Described by The Telegraph as “phenomenally promising”, the young British conductor Oliver Zeffman was the Classical Music nominee for The Times Breakthrough Artist Award at the 2018 South Bank Sky Arts Awards, and in 2015 was the youngest of eight nominees for the Nestlé-Salzburg Young Conductor’s Award. Recent and upcoming debuts include with the Orchestre National du Capitole de Toulouse, KMH Symfoniorkester, London Chamber Orchestra, Ural Youth Symphony Orchestra, Jersey Symphony Orchestra, West Green House Opera and Chelsea Opera Group, whom he leads this season in Anton Rubinstein’s The Demon.
Oliver has worked as an assistant to Valery Gergiev, preparing orchestras including the Rotterdam and Luxembourg Philharmonics; Daniel Harding, for whom he has prepared Mahler Symphony No.8 with both the Swedish Radio Symphony Orchestra and the New Japan Philharmonic; and to David Zinman, Manfred Honeck and Ed Gardner with the Deutsches Symphonie-Orchester Berlin. Last summer he spent a month assisting Gustavo Dudamel, Thomas Adès and a number of other conductors with the Los Angeles Philharmonic.
In 2010 Oliver founded the Melos Sinfonia, an orchestra of young professionals, where he continues as Artistic Director. Together, they have given the Russian premieres of a number of important 20th century works — including Maxwell-Davies’ Eight Songs for a Mad King, Walton’s Façade and Ligeti’s Aventures and Nouvelles Aventures — and most recently, at the invitation of Valery Gergiev, toured a concert staging of George Benjamin’s Written on Skin to The Mariinsky Theatre. Over the last three years Oliver and the Melos Sinfonia have commissioned thirteen new works from some of the most exciting young composers of today.
A graduate of the Royal Academy of Music, Oliver originally studied History and Russian at Durham University and also spent a year at the Saint Petersburg State Conservatory under the direction of Alexander Polishchuk. He has taken part in masterclasses at the Tanglewood Music Centre and with the Tonhalle-Orchester Zürich and London Sinfonietta.
“Zeffman revels in the score’s jagged climaxes and spine-chillingly eerie textures.”
(***** Richard Morrison, The Times, October 2017)
“Zeffman’s impressively lucid conducting and the Melos Sinfonia’s totally assured playing ensured that the rainbow of colours that Benjamin conjures from a large orchestra containing exotica […] were vividly conveyed.”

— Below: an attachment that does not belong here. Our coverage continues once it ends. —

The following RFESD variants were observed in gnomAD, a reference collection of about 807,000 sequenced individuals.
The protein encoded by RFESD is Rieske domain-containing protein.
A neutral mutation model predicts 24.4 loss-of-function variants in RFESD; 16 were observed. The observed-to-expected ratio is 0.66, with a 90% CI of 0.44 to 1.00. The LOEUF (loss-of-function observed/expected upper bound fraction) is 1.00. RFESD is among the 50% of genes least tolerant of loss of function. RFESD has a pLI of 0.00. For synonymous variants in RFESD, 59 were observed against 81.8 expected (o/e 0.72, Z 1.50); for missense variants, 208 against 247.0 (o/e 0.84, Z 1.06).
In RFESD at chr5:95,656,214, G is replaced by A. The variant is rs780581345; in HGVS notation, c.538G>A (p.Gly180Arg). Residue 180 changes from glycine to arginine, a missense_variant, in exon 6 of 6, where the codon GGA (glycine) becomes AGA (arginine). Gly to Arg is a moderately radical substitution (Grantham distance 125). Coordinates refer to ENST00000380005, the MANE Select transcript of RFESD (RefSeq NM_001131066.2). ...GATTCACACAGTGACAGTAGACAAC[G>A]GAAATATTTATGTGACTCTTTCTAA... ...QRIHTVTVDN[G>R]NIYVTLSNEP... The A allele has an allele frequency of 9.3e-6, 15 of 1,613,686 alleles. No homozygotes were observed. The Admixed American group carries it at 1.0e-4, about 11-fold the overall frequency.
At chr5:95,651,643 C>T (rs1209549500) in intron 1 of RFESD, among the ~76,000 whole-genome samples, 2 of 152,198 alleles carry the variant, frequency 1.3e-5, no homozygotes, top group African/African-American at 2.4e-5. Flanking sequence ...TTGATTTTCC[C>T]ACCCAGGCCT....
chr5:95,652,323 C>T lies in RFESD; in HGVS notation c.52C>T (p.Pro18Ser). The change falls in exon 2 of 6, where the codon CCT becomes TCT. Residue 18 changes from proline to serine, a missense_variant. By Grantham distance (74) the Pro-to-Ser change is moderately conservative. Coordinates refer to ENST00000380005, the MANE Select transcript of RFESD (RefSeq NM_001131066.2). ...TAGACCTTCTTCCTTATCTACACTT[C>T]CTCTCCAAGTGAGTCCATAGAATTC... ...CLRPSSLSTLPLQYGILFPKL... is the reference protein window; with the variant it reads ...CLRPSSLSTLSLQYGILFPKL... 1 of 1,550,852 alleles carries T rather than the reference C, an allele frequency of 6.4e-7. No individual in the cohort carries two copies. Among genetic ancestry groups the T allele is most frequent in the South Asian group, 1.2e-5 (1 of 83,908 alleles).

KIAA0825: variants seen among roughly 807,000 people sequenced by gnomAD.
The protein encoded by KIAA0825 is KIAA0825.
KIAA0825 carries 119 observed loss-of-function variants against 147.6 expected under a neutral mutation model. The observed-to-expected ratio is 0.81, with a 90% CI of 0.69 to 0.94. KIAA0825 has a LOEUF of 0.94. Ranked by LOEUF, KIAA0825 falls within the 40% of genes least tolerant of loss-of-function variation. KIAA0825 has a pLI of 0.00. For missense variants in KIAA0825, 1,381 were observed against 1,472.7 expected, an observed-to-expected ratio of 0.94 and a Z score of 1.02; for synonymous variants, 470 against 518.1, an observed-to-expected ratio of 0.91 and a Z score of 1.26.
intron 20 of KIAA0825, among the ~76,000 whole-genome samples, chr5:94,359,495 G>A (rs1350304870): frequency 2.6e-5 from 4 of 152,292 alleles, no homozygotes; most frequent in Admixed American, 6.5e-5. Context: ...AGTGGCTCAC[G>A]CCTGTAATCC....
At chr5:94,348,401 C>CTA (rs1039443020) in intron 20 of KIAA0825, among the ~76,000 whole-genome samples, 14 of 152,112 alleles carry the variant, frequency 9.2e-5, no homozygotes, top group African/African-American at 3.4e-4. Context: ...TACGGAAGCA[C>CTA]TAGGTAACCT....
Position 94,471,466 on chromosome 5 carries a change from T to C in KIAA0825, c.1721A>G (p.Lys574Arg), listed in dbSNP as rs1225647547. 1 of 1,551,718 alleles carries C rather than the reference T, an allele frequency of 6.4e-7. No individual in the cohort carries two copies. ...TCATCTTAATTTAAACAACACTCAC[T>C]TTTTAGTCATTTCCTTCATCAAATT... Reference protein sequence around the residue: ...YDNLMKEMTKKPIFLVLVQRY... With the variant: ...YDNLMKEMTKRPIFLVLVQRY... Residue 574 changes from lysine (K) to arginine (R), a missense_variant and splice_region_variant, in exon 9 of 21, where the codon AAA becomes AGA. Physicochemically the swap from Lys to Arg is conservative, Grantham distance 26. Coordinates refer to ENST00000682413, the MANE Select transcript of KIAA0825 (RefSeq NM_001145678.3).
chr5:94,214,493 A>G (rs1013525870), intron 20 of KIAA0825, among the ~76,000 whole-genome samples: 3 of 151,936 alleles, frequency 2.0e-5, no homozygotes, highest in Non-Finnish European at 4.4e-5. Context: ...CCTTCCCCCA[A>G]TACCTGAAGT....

(Andrew Clements, The Guardian, October 2017)
“More impressive than the sheer violence of the sonic effects here is the detail of the quieter passages, lovingly shaped by Zeffman and his band. […] Zeffman and the Melos Sinfonia, have definitely made their mark […]. Ambitious and expert, it won’t be long before they’re making their mark on larger stages.”
(theartsdesk, October 2017)
“[Oliver Zeffman] took a historically informed approach, albeit with modern instruments (natural trumpets excepted), and the score emerged with captivating freshness, whether in passages of exquisite, floating delicacy or an epic Act 2 quartet that rode a wave of energy”.
(Yehuda Shapiro, Opera Magazine, October 2017)
“Oliver Zeffman conducts the Melos Sinfonia with the right combination of sensitivity and exuberance”
(MusicOMH, August 2017)
“Oliver Zeffman’s invigorating conducting ensuring that the orchestral support maintains sparkling momentum”
(Curtis Rogers, Classical Source, August 2017)
“Oliver Zeffman is a young conductor but there was no sense of ‘work in progress’ about this performance: it was an authentically satisfying achievement.”
(Opera Magazine, May 2016)
“This was a ‘performance of Puccini’s opera to match what one might hear in the most exalted of houses… Try as I might I could not find anything to fault.”
( Seen and Heard International, May 2016)
“Oliver Zeffman is a sensitive, highly accomplished conductor.”
(Seen and Heard International, June 2015)
“memorable, musical, and put together by someone who not only knew what he wanted but, to an extraordinary degree for his age and experience, knew how to get it.”
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